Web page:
Alan Littler, Tilburg University – Faculty of Law – Tilburg Law and Economics Center (TILEC)

International Courts: Uneven Judicialization in Global Order

Benedict Kingsbury, New York University (NYU) – School of Law

Sham of the Moral Court?

Mark James Findlay, University of Sydney – Institute of Criminology
Sylvia Ntube Ngane, University of Leeds

Reclaiming the Right to Food as a Normative Response to the Global Food Crisis

Smita Narula, New York University (NYU) – School of Law



Vol. 6, No. 20: Feb 04, 2011


Imposed Protection in European Private International Law: From Value Neutralism Towards Community Protectionism (in Dutch)

Laura van Bochove, Erasmus School of Law
Xandra E. Kramer, Erasmus University Rotterdam (EUR) – Erasmus School of Law

An Analysis of the Treaty Making Power Proposed by the NIPC

Surendra Bhandari, Independent

Withdrawing from Customary International Law: Some Lessons from History

William S. Dodge, University of California – Hastings College of the Law

Defining Executive Deference in Treaty Interpretation Cases

Joshua A. Weiss, George Washington University – Law School

The International Court of Justice and Applied Forms of Reparation for International Human Rights and Humanitarian Law Violations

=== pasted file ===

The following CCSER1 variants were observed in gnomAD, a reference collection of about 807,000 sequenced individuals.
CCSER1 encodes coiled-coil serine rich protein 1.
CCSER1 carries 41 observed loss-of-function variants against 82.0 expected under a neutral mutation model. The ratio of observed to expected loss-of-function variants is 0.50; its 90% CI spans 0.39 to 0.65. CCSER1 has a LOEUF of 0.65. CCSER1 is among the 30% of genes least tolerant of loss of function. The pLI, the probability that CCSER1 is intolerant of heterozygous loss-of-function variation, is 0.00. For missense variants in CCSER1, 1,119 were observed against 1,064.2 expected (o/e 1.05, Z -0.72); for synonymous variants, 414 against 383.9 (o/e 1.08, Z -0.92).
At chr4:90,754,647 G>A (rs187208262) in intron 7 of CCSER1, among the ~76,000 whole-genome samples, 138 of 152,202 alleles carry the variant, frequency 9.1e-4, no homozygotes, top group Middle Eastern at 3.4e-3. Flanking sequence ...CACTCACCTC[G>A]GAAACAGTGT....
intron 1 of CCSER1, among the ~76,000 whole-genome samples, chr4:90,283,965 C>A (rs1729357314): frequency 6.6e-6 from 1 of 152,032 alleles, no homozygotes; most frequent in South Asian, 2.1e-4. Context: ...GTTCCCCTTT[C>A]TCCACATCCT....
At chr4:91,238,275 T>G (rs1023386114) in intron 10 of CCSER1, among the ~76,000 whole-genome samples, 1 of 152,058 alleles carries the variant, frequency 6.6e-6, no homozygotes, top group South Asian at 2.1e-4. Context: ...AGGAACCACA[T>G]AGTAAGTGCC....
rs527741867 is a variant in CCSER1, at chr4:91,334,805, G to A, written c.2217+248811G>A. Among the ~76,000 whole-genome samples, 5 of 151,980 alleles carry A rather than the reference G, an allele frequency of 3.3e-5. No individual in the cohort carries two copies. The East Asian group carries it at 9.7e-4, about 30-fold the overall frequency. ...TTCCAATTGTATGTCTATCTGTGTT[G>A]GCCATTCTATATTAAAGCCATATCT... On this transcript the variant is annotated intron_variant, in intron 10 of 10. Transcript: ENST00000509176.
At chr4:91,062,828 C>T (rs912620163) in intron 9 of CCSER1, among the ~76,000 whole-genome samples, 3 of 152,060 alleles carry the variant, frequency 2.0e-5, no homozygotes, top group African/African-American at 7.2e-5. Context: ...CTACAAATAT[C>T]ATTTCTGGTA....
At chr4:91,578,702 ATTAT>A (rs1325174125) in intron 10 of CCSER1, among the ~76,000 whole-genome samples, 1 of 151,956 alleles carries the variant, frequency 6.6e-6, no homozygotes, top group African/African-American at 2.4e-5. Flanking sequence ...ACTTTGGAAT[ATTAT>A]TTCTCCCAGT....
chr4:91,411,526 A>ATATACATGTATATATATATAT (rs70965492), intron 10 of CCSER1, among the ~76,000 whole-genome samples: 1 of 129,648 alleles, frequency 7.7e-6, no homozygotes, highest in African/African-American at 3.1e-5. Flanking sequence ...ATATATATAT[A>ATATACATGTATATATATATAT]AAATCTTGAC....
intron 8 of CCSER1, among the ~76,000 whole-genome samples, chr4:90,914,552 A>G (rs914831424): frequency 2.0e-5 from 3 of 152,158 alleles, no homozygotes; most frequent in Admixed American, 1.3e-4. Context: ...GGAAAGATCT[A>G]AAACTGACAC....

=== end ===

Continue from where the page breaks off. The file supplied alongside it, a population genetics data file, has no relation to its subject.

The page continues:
Gentian Zyberi, Unaffiliated Authors



Vol. 6, No. 19: Feb 03, 2011


Conflict of Laws Conventions and Their Reception in National Legal Systems: Report for the United States

Hannah L. Buxbaum, Indiana University School of Law-Bloomington

The ECJ’s Relationship with Other International Courts and Tribunals

Nikos Lavranos, European University Institute (EUI)

International Arbitration’s Public Realm

Catherine A. Rogers, Bocconi University – Institute of Comparative Law (IDC), The Pennsylvania State University Dickinson School of Law

Universality and Univerzalization of Human Rights: Reflections on Obstacles and the Way Forward

Willem van Genugten, Tilburg University – Law School



Vol. 6, No. 17: Feb. 09, 2011


Sham of the Moral Court?

Mark James Findlay, University of Sydney – Institute of Criminology
Sylvia Ntube Ngane, University of Leeds

Human Rights in a Warmer World: The Case of Climate Change Displacement

Carl Söderbergh, Minority Rights Group International

Enhanced Multi-Level Protection of Human Dignity in a Globalized Context Through Humanitarian Global Legal Goods